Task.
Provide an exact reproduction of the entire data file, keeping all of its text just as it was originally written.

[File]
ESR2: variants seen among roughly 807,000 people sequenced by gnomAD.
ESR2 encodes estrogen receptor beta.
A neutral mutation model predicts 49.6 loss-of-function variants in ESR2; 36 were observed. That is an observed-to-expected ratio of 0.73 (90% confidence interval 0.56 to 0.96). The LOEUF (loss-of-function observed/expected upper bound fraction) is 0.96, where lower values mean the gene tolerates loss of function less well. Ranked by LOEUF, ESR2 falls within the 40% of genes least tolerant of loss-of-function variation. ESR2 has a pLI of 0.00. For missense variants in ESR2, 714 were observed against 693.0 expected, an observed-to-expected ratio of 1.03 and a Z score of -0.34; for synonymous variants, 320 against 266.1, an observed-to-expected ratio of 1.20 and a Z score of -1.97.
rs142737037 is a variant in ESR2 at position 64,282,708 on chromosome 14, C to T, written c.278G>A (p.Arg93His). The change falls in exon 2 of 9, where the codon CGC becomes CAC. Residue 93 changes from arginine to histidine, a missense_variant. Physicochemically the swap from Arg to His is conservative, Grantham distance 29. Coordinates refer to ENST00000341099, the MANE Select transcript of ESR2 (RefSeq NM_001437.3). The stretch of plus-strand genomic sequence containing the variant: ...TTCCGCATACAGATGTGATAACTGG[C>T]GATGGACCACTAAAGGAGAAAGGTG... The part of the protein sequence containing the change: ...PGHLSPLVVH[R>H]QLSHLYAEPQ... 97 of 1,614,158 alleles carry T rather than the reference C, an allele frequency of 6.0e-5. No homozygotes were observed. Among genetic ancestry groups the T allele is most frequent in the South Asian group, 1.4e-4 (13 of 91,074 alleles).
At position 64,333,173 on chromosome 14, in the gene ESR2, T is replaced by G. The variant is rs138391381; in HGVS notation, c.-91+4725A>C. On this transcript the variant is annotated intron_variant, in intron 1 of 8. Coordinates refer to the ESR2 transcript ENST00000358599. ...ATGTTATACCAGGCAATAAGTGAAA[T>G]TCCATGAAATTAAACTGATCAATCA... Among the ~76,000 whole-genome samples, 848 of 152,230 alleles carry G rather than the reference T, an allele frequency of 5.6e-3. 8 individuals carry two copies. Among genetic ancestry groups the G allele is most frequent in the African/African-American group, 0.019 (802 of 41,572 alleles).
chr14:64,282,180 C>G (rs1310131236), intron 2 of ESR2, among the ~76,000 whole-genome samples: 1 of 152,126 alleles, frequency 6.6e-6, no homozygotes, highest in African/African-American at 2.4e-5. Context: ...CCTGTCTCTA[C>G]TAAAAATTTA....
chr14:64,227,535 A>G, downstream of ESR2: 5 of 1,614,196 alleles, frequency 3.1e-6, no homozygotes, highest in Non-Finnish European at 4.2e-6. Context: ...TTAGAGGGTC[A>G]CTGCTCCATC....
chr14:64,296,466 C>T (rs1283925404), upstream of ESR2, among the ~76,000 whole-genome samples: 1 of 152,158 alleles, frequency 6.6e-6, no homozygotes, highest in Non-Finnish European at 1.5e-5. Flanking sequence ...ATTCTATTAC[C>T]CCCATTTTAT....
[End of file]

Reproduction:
ESR2: variants seen among roughly 807,000 people sequenced by gnomAD.
ESR2 encodes estrogen receptor beta.
A neutral mutation model predicts 49.6 loss-of-function variants in ESR2; 36 were observed. That is an observed-to-expected ratio of 0.73 (90% confidence interval 0.56 to 0.96). The LOEUF (loss-of-function observed/expected upper bound fraction) is 0.96, where lower values mean the gene tolerates loss of function less well. Ranked by LOEUF, ESR2 falls within the 40% of genes least tolerant of loss-of-function variation. ESR2 has a pLI of 0.00. For missense variants in ESR2, 714 were observed against 693.0 expected, an observed-to-expected ratio of 1.03 and a Z score of -0.34; for synonymous variants, 320 against 266.1, an observed-to-expected ratio of 1.20 and a Z score of -1.97.
rs142737037 is a variant in ESR2 at position 64,282,708 on chromosome 14, C to T, written c.278G>A (p.Arg93His). The change falls in exon 2 of 9, where the codon CGC becomes CAC. Residue 93 changes from arginine to histidine, a missense_variant. Physicochemically the swap from Arg to His is conservative, Grantham distance 29. Coordinates refer to ENST00000341099, the MANE Select transcript of ESR2 (RefSeq NM_001437.3). The stretch of plus-strand genomic sequence containing the variant: ...TTCCGCATACAGATGTGATAACTGG[C>T]GATGGACCACTAAAGGAGAAAGGTG... The part of the protein sequence containing the change: ...PGHLSPLVVH[R>H]QLSHLYAEPQ... 97 of 1,614,158 alleles carry T rather than the reference C, an allele frequency of 6.0e-5. No homozygotes were observed. Among genetic ancestry groups the T allele is most frequent in the South Asian group, 1.4e-4 (13 of 91,074 alleles).
At position 64,333,173 on chromosome 14, in the gene ESR2, T is replaced by G. The variant is rs138391381; in HGVS notation, c.-91+4725A>C. On this transcript the variant is annotated intron_variant, in intron 1 of 8. Coordinates refer to the ESR2 transcript ENST00000358599. ...ATGTTATACCAGGCAATAAGTGAAA[T>G]TCCATGAAATTAAACTGATCAATCA... Among the ~76,000 whole-genome samples, 848 of 152,230 alleles carry G rather than the reference T, an allele frequency of 5.6e-3. 8 individuals carry two copies. Among genetic ancestry groups the G allele is most frequent in the African/African-American group, 0.019 (802 of 41,572 alleles).
chr14:64,282,180 C>G (rs1310131236), intron 2 of ESR2, among the ~76,000 whole-genome samples: 1 of 152,126 alleles, frequency 6.6e-6, no homozygotes, highest in African/African-American at 2.4e-5. Context: ...CCTGTCTCTA[C>G]TAAAAATTTA....
chr14:64,227,535 A>G, downstream of ESR2: 5 of 1,614,196 alleles, frequency 3.1e-6, no homozygotes, highest in Non-Finnish European at 4.2e-6. Context: ...TTAGAGGGTC[A>G]CTGCTCCATC....
chr14:64,296,466 C>T (rs1283925404), upstream of ESR2, among the ~76,000 whole-genome samples: 1 of 152,158 alleles, frequency 6.6e-6, no homozygotes, highest in Non-Finnish European at 1.5e-5. Flanking sequence ...ATTCTATTAC[C>T]CCCATTTTAT....